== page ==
Wednesday 14 December 2016

Enterprise Readiness with SAP HANA

Data Centers as the “Power Plants” of the digital Economy

Data centers are the power plants of today’s businesses. However, planning high availability into a system landscape may often be an overlooked aspect by some businesses. As more elements ranging from devices, people, equipment and other systems become increasingly connected, the costs after an unplanned outage is definitely becoming more significant. In the always-on digital economy, companies that rely on data to make decisions, conduct transactions, and interact with consumers cannot afford data center blackouts.

The average cost of network downtime is over $300k/hour, although there is a large degree of variance depending on the business. The cost for a bank, or manufacturing company undergoing downtime would definitely be more due possibly to transactions that could not be executed. What is more important however is that the cost is significantly increasing year-on-year, from an average cost per minute of an unplanned outage from $5,610 in 2010 to $7,908 in 2013 to $8,851 per minute in 2016.

So how much downtime are companies experiencing today on average? 59% of Fortune 500 companies experienced a minimum of 1.6 hours downtime per week. The principal cause for most outages is still UPS systems failure. While such overall unplanned outages including those causes from cooling failures and human error have decreased as processes and equipment becoming more reliable, planned cybercrime is increasingly becoming another cause of data center outages.

The Data Center Readiness Cycle

From SAP’s point of view, managing a data center could be broken down into a lifecycle – planning, building and running phases. Data center readiness begins often in planning, where IT managers should address the stages of installation and update, persistence as well as backup and recovery solutions. In the build phase, IT managers will need to focus on the various high availability options that can be leveraged cost-effectively. Lastly, the run phase includes setting to operation the various disaster recovery, monitoring and security capabilities.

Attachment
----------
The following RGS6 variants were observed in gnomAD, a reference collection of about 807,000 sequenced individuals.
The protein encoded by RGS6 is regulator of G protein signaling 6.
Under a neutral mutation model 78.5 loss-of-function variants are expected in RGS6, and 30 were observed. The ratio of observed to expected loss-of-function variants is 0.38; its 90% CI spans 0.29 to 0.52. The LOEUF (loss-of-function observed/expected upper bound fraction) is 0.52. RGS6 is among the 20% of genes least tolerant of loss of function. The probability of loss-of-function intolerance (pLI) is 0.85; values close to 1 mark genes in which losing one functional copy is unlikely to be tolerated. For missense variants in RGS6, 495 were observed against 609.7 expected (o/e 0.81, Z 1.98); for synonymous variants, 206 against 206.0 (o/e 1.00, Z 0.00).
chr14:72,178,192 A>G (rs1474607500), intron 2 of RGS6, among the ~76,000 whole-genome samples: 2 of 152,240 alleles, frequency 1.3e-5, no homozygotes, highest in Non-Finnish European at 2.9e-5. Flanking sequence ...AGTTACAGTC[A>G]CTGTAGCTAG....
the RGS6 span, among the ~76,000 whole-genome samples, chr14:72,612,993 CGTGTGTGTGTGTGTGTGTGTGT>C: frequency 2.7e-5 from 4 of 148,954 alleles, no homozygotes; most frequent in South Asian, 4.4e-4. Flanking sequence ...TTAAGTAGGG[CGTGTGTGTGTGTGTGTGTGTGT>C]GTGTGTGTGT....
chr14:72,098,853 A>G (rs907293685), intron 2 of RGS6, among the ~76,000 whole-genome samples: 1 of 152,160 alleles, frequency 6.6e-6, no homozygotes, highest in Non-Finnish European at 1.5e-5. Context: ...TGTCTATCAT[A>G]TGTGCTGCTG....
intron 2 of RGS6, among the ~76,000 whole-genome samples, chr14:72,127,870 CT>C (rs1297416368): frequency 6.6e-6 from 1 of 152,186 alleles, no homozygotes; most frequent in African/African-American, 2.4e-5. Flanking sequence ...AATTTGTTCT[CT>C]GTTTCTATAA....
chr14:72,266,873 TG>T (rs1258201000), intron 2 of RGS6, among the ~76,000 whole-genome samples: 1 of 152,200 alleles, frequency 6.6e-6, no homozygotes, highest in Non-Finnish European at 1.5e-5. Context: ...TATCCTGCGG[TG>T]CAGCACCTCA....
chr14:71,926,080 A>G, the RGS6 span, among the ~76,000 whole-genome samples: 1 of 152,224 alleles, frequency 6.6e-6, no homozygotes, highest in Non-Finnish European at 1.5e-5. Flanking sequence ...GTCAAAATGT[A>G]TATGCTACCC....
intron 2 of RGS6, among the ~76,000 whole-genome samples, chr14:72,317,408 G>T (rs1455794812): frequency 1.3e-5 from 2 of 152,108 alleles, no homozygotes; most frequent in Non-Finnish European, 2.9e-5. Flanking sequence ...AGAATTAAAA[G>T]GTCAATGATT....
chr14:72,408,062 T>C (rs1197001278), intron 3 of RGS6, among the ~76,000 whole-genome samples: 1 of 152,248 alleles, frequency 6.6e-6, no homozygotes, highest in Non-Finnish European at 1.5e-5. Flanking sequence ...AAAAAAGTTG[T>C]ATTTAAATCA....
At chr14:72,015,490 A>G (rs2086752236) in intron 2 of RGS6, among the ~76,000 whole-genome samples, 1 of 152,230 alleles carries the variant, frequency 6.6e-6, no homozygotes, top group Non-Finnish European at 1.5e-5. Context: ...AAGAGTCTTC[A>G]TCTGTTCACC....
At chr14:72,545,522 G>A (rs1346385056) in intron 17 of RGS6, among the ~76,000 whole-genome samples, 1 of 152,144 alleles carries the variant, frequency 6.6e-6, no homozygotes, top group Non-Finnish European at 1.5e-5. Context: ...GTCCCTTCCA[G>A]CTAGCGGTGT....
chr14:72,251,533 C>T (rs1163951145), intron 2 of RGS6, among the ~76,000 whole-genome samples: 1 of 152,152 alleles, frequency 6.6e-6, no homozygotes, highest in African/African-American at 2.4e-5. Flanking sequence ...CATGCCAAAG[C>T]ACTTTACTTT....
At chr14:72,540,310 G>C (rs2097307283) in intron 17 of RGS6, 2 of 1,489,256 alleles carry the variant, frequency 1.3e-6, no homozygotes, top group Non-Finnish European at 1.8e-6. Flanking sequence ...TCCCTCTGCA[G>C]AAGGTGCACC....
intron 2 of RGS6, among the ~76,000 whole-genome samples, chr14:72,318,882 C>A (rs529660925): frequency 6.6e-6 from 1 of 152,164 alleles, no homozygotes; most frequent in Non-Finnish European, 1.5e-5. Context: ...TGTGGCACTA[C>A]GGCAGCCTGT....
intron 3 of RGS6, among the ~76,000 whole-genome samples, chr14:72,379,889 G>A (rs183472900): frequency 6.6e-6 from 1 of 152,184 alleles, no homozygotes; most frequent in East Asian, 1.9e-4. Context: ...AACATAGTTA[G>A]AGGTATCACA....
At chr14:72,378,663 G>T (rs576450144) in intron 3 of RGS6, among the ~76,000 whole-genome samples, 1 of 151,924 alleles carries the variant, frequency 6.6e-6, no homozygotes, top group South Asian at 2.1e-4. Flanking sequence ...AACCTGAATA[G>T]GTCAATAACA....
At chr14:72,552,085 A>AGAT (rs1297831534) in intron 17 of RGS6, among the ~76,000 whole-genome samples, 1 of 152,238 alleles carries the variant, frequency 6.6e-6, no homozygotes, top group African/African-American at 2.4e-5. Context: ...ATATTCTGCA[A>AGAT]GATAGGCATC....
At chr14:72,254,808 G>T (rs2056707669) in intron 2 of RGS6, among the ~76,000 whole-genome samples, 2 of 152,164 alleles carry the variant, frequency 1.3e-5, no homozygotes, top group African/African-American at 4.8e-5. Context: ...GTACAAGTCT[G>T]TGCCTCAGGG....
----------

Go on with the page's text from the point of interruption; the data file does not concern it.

We will cover each of these stages in detail over the next weeks in six different parts, so do refer to the below for the links to each individual blog. We will update the links once the blogs are ready.

Enterprise Readiness with SAP HANA

Leveraging the SAP HANA Platform

Going forward, as IT landscapes become more complex, maintaining uptime will increasingly become a challenge. It is important for IT managers to consider technologies that can help them simplify their landscape and IT architectures, while getting their systems ready for the future.

Aside from combining transaction and analytical workloads and providing real-time performance, SAP HANA also comes provided also with in-built high availability and disaster recovery features. These help to improve the overall enterprise readiness of a business, in a more cost effective way. This is because, while database reliability is essential today to ensure a continuous digital connection to the business network, it can be cost prohibitive for some customers to maintain it.

An example of improving enterprise readiness cost-effectively would be the continuous improvement to the SAP HANA system replication feature. Over the years, the system replication feature has been continuously refined with the customers’ TCO in mind. Starting with Delta data shipping in SPS11 to maintain better concurrency between the Primary and Secondary backup systems, we further introduced continuous log replay features to further improve the recovery-time-objective and also reduce the network bandwidth that may spike during delta data shipments. (see: figure 2).

Enterprise Readiness with SAP HANA

These options may allow IT managers to better optimize their IT investments towards maintaining readiness in their data center, and free up more budget for innovation. But beyond just budget, SAP also focuses on reducing the “performance cost” for example on the networks, such as the continuous log replay feature above.

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